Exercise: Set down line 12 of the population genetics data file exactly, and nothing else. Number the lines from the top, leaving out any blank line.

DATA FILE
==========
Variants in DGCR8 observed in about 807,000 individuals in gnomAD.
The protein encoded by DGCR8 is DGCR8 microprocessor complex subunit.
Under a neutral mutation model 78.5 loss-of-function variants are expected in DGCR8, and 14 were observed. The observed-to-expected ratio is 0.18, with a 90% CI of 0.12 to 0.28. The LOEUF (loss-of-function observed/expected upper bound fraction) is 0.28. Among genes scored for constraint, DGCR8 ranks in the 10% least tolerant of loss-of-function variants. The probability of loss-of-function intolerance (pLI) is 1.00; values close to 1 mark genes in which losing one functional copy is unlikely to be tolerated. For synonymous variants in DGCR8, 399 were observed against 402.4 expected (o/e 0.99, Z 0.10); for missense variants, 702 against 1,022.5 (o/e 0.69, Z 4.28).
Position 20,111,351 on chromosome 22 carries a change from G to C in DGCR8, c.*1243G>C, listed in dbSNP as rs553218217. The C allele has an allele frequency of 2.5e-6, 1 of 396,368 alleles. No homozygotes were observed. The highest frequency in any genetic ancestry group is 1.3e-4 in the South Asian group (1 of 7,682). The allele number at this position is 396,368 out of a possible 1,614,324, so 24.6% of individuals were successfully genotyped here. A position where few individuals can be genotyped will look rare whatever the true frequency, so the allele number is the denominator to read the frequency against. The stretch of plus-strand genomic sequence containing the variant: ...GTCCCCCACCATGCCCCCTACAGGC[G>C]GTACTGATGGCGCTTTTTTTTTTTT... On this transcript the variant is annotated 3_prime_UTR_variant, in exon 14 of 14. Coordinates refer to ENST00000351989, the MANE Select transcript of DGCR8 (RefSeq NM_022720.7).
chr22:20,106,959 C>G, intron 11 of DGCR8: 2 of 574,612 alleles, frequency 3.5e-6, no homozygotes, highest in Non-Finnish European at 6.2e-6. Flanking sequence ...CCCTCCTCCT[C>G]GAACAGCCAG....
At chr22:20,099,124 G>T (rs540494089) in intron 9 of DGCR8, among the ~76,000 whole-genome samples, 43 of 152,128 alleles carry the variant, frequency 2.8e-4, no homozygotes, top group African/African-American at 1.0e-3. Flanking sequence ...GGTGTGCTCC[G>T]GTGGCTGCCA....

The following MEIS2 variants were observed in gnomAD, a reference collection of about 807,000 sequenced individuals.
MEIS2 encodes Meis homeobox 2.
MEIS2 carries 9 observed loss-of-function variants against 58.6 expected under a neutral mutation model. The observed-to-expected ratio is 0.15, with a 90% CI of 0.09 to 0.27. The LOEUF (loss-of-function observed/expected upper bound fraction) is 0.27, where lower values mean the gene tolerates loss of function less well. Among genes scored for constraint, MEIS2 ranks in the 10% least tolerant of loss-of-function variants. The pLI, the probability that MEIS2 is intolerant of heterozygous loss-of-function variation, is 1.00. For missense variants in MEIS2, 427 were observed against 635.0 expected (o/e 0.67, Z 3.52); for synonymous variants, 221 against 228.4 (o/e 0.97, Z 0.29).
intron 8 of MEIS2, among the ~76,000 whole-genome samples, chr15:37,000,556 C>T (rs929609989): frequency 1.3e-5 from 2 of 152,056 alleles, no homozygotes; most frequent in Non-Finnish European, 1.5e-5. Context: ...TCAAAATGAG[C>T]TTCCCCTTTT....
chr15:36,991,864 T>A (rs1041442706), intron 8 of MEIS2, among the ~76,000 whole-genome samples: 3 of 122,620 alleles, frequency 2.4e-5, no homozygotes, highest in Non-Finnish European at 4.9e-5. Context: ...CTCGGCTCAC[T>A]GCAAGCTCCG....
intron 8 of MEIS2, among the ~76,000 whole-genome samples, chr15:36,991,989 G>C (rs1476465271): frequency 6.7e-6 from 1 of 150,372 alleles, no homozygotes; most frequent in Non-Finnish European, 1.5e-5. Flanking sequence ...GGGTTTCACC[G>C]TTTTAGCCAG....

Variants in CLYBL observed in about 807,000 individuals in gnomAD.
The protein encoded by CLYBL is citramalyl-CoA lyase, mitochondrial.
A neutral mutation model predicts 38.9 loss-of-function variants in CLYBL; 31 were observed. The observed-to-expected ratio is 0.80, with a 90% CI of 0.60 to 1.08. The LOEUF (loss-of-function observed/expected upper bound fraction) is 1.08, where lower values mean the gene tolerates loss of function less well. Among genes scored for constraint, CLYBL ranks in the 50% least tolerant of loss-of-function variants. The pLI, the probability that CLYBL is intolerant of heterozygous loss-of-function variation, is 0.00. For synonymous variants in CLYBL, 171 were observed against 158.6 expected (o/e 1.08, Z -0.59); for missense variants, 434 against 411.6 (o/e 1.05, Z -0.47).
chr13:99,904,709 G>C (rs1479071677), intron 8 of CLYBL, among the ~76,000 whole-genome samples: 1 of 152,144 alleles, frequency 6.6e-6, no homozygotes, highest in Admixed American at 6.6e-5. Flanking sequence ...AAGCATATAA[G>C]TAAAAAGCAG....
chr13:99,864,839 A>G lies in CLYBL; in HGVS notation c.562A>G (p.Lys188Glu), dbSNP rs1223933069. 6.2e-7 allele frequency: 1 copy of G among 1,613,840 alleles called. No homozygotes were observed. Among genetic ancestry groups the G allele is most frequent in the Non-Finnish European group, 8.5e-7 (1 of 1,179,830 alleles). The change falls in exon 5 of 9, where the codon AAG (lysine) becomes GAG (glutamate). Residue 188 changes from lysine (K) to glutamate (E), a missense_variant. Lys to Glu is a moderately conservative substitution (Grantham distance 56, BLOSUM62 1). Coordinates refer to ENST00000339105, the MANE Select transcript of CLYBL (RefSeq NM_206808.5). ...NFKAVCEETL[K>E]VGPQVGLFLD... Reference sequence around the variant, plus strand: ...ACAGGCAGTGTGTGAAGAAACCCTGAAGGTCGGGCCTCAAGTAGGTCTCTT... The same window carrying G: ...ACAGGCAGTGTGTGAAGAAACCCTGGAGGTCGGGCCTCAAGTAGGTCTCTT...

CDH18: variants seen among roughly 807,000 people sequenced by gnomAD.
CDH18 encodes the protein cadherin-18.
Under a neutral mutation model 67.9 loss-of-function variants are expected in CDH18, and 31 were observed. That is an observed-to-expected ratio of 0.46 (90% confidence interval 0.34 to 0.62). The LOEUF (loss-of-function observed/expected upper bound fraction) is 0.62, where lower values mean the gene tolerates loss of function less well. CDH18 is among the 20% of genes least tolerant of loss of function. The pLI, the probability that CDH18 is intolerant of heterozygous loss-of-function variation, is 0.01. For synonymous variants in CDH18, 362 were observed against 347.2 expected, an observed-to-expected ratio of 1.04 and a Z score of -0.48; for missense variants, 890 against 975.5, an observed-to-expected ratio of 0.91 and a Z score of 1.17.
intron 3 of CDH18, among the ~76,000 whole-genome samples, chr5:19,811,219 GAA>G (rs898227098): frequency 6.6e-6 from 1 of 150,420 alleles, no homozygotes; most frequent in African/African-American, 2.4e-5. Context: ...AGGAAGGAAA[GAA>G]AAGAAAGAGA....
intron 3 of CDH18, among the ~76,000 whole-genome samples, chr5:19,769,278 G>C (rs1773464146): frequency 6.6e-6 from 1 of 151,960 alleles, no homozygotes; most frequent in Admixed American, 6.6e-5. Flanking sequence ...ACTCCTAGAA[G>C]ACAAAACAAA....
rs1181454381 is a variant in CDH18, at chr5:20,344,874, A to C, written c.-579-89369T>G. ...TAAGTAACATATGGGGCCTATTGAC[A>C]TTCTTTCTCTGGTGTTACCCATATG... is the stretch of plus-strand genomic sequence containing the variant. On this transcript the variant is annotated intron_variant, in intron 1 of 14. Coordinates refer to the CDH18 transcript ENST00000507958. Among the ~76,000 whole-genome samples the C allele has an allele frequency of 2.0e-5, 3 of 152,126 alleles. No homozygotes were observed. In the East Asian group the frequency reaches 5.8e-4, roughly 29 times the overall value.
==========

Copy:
intron 8 of MEIS2, among the ~76,000 whole-genome samples, chr15:36,991,989 G>C (rs1476465271): frequency 6.7e-6 from 1 of 150,372 alleles, no homozygotes; most frequent in Non-Finnish European, 1.5e-5. Flanking sequence ...GGGTTTCACC[G>C]TTTTAGCCAG....